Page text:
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Lagging Metrics for Asset Management

Part 1 of this series on the second element of Overall Equipment Effectiveness (OEE), covered Yield/Speed as the ratio of the actual production rate divided by the Highest Sustained Rate. Unlike Availability and Quality (OEE’s other elements), Yield/Speed (when based on the conventional formula) can mathematically exceed 100% when a system’s Highest Sustained Production rate is exceeded. This situation creates a mathematical dilemma when calculating Overall Equipment Effectiveness.

By Drew Troyer

 

OEE is intended to have a maximum value of 100%, which represents perfection. In response, we propose a variation to the standard formula for determining Yield/Speed, whereby the absolute value of any deviation from the Highest Sustained Rate of production is subtracted from the Highest Sustained Rate, which is divided by the Highest Sustained Rate of production and multiplied by 100 to present Yield/Seed as a percentage.

This modification to the standard Yield/Speed formula is presented in Form 1. For example, if the Highest Sustained Rate is 1,000 units per hour, a production rate of either 800 or 1,200 would result in a Yield/Speed factor of 80%.

Form. 1. The Troyer workaround formula to eliminate the possibility that the Yield/Speed metric can exceed 100%.

As with Availability, Yield/Speed losses can be equipment-induced, production/operations-induced, or market/marketing-induced. Moreover, like Availability, we’re focusing on some common equipment-induced causes.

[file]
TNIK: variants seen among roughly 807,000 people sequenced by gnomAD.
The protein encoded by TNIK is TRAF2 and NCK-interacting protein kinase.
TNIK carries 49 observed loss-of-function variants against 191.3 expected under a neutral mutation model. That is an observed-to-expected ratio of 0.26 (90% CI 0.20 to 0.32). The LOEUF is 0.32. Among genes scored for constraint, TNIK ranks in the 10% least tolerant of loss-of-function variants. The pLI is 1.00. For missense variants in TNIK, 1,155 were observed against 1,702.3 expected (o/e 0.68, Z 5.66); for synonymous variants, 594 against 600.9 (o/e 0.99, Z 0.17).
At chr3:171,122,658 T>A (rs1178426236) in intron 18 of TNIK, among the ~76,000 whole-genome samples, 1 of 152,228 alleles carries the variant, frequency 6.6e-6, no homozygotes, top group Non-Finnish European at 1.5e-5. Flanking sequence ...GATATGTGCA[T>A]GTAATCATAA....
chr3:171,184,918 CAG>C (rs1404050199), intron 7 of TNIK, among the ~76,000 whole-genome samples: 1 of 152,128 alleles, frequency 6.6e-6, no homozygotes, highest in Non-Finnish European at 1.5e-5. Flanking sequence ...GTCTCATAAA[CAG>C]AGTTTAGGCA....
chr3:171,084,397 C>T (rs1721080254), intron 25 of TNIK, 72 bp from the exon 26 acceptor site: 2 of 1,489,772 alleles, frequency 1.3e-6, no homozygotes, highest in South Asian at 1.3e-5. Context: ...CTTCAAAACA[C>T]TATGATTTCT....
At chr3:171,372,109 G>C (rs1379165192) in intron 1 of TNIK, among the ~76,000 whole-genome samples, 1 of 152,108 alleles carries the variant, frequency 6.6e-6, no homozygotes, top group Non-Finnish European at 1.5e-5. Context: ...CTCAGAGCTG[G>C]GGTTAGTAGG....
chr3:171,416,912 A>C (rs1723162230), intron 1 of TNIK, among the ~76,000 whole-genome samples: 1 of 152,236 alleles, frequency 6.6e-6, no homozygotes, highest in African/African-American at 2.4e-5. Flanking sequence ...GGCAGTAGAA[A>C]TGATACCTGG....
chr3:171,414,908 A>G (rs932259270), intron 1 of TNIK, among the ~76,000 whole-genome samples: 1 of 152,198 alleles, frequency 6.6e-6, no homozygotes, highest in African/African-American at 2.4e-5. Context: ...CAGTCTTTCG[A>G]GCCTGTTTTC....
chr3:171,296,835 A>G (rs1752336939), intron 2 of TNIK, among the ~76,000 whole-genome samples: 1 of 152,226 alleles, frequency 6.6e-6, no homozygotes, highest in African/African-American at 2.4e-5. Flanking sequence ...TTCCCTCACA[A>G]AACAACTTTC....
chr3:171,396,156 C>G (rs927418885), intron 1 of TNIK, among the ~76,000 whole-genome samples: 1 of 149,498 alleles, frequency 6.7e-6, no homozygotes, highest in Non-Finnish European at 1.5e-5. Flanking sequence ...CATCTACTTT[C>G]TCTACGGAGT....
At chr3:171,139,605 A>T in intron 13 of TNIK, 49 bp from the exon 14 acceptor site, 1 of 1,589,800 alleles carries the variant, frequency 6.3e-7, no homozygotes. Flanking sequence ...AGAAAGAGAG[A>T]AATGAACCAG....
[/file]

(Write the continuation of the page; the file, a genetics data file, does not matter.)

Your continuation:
EQUIPMENT-INDUCED OEE LOSSES

The primary causes for equipment-induced forced derating of a machine include insufficient/excessive or poorly executed preventive maintenance, wrong or insufficient machine inspection and monitoring, poor executed corrective maintenance actions, and MRO-supply-chain-quality problems or disruption (Fig. 1). Let’s explore each in more detail.

Fig. 1. Common equipment-induced causes for reduced Yield/Speed performance.

Preventive And Corrective Maintenance Problems. 

Preventive maintenance is essential for most assets to run trouble-free for the desired production time and at the desired production rate. If preventive maintenance practices are ineffective, it’s often necessary to slow the production rate to avoid catastrophic failure, which, in addition to production effects, could carry safety and/or environmental risks. For example, if the equipment is designed to operate at a sustained rate of 1,000 units per hour but, when we exceed 800 units per hour, it vibrates, excessively, exhibits erratic shaft orbits, overheats, leaks or reveals some other unacceptable operational irregularity, we’re faced with the choice of reduced yield or catastrophic failure. Preventive maintenance with a focus on mechanical and electrical Fasteners, Lubrication, Alignment of Balance (FLAB) will prevent these forced slowdowns and allow plants to run machines at their Highest Sustained Rate of production.